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Zippeite from Delta Mine in Utah, 6.4 cm long
Category Sulfate minerals
(repeating unit)
Strunz classification 7.EC.05
Dana classification
Crystal system Monoclinic
Crystal class Sphenoidal (2)
(same H-M symbol)
Space group B2
Formula mass 2,306.88 g/mol
Colour Yellow, golden yellow, orange red, reddish brown
Crystal habit Encrustations – forms crust-like aggregates on matrix[1]
Mohs scale hardness 2
Lustre Silky, dull[2]
Streak Yellow white
Diaphaneity Transparent to translucent
Specific gravity 3.66
Other characteristics Radioactive
References [1][2]

Zippeite is a hydrous potassium uranium sulfate mineral with formula: K4(UO2)6(SO4)3(OH)10·4(H2O). It forms yellow to reddish brown monoclinic-prismatic crystals with perfect cleavage. The typical form is as encrustations and pulverulent earthy masses. It forms as efflorescent encrustations in underground uranium mines. It has a Mohs hardness of 2 and a specific gravity of 3.66. It is strongly fluorescent yellow in UV radiation and is a radioactive mineral.

Historical usage[edit]

A mineral which caught the attention of a Bohemian metallurgist, Adolf Patera in the 1850s by its striking colour. It was named after the Austrian mineralogist Franz Xaver Maximilian Zippe (1791–1863).[3] This was during the period when the fame of the Jachymov silver mines was dying out. On top of the large, forgotten pit-heaps, powdery minerals began to appear, vividly coloured, originating from the decomposition of the pitchblende. These colourful layers, in which zippeite was in the majority, gave Patera the idea of utilizing the uranium minerals in the manufacture of paints. Mining began in 1859 not only for the products which resulted from uraninite's decomposition, but for uraninite itself. A variety of yellow paints were manufactured because among all the secondary minerals on the pit-heap there was a prevalence of the yellow powdery coatings.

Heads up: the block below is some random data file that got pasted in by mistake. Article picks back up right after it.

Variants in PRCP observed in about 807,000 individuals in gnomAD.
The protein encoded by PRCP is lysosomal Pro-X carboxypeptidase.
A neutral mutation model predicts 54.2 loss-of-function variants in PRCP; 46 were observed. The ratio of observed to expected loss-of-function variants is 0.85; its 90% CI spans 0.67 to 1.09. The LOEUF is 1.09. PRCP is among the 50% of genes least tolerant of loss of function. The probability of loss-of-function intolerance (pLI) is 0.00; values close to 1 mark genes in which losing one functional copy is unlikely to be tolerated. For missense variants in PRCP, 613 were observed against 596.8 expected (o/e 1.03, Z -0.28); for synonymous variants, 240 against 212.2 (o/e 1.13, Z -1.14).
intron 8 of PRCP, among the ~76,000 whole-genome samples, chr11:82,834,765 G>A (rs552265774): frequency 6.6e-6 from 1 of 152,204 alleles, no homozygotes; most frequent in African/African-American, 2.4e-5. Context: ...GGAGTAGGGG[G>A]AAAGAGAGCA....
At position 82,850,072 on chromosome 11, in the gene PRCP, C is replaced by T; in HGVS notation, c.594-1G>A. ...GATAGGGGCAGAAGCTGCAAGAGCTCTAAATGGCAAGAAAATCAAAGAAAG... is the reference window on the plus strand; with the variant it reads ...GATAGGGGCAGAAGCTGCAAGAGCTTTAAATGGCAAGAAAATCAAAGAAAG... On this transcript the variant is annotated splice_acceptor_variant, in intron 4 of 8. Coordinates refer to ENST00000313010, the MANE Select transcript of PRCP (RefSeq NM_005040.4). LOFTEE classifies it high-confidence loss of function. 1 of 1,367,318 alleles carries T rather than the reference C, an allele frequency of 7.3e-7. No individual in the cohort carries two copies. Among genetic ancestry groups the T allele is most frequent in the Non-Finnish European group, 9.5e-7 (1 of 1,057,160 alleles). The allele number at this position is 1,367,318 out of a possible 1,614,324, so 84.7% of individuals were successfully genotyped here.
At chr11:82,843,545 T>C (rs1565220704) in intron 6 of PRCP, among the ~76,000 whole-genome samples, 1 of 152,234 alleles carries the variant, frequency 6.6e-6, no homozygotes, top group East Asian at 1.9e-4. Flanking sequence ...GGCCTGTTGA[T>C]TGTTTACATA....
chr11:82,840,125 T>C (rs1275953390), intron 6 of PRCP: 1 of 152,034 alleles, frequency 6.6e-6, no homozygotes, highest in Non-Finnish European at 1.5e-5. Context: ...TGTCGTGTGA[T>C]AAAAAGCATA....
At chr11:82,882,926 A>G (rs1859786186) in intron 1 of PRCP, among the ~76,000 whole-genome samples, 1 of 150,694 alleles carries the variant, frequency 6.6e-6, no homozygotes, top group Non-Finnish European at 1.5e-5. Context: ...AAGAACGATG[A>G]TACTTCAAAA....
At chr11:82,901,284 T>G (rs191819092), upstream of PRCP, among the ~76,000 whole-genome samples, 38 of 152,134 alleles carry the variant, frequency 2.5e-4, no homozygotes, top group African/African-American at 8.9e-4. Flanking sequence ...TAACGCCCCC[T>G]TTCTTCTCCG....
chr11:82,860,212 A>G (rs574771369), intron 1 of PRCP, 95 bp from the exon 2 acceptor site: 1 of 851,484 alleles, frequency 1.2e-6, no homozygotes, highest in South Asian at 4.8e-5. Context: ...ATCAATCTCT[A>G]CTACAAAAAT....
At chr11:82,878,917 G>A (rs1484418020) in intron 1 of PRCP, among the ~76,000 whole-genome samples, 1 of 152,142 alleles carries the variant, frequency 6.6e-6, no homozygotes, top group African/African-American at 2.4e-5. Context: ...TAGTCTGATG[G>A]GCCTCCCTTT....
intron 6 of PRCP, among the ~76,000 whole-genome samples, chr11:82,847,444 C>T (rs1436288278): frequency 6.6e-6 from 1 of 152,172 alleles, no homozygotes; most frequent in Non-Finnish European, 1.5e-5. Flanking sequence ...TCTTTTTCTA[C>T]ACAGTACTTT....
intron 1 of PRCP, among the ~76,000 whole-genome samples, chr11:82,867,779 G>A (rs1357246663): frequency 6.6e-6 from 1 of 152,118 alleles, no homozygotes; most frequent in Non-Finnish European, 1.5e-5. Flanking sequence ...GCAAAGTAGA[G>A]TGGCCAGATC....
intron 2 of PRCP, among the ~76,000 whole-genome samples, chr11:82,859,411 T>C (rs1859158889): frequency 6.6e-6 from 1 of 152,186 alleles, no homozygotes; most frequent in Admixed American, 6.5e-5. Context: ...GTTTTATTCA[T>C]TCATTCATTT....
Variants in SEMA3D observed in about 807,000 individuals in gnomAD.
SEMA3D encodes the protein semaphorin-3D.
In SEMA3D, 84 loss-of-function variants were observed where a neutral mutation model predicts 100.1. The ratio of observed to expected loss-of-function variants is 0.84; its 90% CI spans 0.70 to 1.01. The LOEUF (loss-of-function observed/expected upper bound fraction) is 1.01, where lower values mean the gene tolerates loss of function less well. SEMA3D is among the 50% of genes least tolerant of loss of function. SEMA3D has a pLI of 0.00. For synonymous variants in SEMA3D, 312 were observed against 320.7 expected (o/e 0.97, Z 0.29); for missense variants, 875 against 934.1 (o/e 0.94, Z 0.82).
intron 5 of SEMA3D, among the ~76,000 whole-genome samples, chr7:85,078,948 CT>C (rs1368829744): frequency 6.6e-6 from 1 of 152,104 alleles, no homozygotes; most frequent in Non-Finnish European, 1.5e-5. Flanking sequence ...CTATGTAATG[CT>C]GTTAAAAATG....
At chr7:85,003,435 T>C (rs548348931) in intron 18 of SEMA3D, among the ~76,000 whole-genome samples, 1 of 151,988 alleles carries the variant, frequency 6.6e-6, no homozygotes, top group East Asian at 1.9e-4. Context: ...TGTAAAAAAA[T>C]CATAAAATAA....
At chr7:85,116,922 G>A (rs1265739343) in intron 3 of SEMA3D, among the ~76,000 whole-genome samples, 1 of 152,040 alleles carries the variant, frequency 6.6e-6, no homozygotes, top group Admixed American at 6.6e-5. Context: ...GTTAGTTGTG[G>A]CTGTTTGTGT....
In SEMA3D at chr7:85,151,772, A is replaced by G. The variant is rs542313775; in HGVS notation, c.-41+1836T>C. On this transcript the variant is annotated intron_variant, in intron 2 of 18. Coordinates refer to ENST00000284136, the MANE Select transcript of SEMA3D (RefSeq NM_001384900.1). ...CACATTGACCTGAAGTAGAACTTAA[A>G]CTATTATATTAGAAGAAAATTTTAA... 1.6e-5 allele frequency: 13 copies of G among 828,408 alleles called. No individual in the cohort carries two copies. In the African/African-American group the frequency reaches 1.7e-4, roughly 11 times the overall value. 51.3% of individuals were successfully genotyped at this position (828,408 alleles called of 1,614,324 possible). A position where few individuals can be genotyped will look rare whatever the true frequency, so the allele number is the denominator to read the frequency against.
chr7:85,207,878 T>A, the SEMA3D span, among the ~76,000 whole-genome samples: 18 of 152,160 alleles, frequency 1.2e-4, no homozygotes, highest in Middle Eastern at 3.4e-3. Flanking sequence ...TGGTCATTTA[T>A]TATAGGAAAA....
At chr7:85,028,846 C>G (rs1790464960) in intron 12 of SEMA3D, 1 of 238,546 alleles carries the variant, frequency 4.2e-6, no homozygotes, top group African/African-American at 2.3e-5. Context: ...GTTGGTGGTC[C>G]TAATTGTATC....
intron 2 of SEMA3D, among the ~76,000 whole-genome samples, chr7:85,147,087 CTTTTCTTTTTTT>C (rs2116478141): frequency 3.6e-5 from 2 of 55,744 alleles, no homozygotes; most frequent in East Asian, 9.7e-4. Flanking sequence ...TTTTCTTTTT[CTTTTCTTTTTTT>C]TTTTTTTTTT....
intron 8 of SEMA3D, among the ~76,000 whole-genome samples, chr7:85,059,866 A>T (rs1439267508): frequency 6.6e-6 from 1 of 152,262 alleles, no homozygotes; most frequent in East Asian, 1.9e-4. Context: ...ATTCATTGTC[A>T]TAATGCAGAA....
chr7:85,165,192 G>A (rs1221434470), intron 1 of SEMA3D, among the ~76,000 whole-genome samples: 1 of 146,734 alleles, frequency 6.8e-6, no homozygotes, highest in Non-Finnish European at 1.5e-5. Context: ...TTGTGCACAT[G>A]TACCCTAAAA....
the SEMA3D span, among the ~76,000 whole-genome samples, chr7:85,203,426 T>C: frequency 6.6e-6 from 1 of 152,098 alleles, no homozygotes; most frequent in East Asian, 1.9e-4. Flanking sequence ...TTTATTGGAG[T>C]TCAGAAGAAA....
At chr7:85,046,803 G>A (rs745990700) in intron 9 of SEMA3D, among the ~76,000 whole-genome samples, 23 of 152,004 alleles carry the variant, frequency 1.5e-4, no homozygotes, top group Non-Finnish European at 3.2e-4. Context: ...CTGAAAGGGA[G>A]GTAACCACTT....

Zippeite is one of the so-called 'uranium ochres'. It occurs in association with uranopilite, a monoclinic, complex water-soluble alkaline with other secondary uranium minerals in the weathered veins of uranium. Apart from Jachymov in Bohemia it occurs mainly near Wölsendorf in Bavaria (Germany) and also in Utah (U.S.). Zippeite is no longer used for the manufacture of paints, but is still used as a uranium ore, as is pitchblende.

See also[edit]


  1. ^ a b Webmineral
  2. ^ a b
  3. ^ Rösler, Hans Jürgen (1981) Lehrbuch der Mineralogie (Manual of Mineralogy) Deutscher Verlag für Grundstoffindustrie, Leipzig, page 418, ISBN 978-3-342-00288-8, in German